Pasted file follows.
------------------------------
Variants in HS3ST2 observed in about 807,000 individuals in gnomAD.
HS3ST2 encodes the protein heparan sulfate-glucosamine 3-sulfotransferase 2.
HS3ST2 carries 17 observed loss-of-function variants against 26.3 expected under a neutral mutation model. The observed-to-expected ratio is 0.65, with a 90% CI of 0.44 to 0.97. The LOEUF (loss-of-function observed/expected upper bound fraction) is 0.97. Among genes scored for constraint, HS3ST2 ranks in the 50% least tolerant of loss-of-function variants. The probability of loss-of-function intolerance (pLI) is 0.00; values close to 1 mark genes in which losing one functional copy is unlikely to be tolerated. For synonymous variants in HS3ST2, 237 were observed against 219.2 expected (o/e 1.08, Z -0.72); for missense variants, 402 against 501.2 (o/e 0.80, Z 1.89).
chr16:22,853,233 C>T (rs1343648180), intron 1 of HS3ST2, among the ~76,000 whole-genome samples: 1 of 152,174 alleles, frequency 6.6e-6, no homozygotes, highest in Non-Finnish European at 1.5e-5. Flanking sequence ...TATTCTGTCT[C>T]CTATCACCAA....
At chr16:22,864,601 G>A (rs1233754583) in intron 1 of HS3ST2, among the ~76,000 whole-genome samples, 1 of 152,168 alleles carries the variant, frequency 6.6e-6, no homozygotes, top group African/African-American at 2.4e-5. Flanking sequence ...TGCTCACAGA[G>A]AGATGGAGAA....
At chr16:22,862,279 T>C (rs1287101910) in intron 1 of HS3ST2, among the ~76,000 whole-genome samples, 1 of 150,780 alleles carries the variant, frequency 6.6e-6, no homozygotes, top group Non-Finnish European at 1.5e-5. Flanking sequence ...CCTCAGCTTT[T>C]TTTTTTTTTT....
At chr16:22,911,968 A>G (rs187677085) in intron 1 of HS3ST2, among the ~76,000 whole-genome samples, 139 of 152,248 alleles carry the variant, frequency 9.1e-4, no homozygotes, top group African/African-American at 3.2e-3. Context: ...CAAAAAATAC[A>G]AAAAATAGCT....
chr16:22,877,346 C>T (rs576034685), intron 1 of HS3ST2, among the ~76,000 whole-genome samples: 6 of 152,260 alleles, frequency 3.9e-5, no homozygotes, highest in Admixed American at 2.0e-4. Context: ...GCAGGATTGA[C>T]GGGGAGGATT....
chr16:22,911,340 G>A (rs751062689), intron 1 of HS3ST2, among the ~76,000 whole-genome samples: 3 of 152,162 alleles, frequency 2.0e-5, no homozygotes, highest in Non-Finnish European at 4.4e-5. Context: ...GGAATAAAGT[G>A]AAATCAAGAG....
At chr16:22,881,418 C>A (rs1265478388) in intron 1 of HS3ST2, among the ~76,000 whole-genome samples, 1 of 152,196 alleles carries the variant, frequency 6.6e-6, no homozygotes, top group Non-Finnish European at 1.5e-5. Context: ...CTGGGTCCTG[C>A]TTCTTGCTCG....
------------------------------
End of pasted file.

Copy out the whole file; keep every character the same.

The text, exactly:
Variants in HS3ST2 observed in about 807,000 individuals in gnomAD.
HS3ST2 encodes the protein heparan sulfate-glucosamine 3-sulfotransferase 2.
HS3ST2 carries 17 observed loss-of-function variants against 26.3 expected under a neutral mutation model. The observed-to-expected ratio is 0.65, with a 90% CI of 0.44 to 0.97. The LOEUF (loss-of-function observed/expected upper bound fraction) is 0.97. Among genes scored for constraint, HS3ST2 ranks in the 50% least tolerant of loss-of-function variants. The probability of loss-of-function intolerance (pLI) is 0.00; values close to 1 mark genes in which losing one functional copy is unlikely to be tolerated. For synonymous variants in HS3ST2, 237 were observed against 219.2 expected (o/e 1.08, Z -0.72); for missense variants, 402 against 501.2 (o/e 0.80, Z 1.89).
chr16:22,853,233 C>T (rs1343648180), intron 1 of HS3ST2, among the ~76,000 whole-genome samples: 1 of 152,174 alleles, frequency 6.6e-6, no homozygotes, highest in Non-Finnish European at 1.5e-5. Flanking sequence ...TATTCTGTCT[C>T]CTATCACCAA....
At chr16:22,864,601 G>A (rs1233754583) in intron 1 of HS3ST2, among the ~76,000 whole-genome samples, 1 of 152,168 alleles carries the variant, frequency 6.6e-6, no homozygotes, top group African/African-American at 2.4e-5. Flanking sequence ...TGCTCACAGA[G>A]AGATGGAGAA....
At chr16:22,862,279 T>C (rs1287101910) in intron 1 of HS3ST2, among the ~76,000 whole-genome samples, 1 of 150,780 alleles carries the variant, frequency 6.6e-6, no homozygotes, top group Non-Finnish European at 1.5e-5. Flanking sequence ...CCTCAGCTTT[T>C]TTTTTTTTTT....
At chr16:22,911,968 A>G (rs187677085) in intron 1 of HS3ST2, among the ~76,000 whole-genome samples, 139 of 152,248 alleles carry the variant, frequency 9.1e-4, no homozygotes, top group African/African-American at 3.2e-3. Context: ...CAAAAAATAC[A>G]AAAAATAGCT....
chr16:22,877,346 C>T (rs576034685), intron 1 of HS3ST2, among the ~76,000 whole-genome samples: 6 of 152,260 alleles, frequency 3.9e-5, no homozygotes, highest in Admixed American at 2.0e-4. Context: ...GCAGGATTGA[C>T]GGGGAGGATT....
chr16:22,911,340 G>A (rs751062689), intron 1 of HS3ST2, among the ~76,000 whole-genome samples: 3 of 152,162 alleles, frequency 2.0e-5, no homozygotes, highest in Non-Finnish European at 4.4e-5. Context: ...GGAATAAAGT[G>A]AAATCAAGAG....
At chr16:22,881,418 C>A (rs1265478388) in intron 1 of HS3ST2, among the ~76,000 whole-genome samples, 1 of 152,196 alleles carries the variant, frequency 6.6e-6, no homozygotes, top group Non-Finnish European at 1.5e-5. Context: ...CTGGGTCCTG[C>A]TTCTTGCTCG....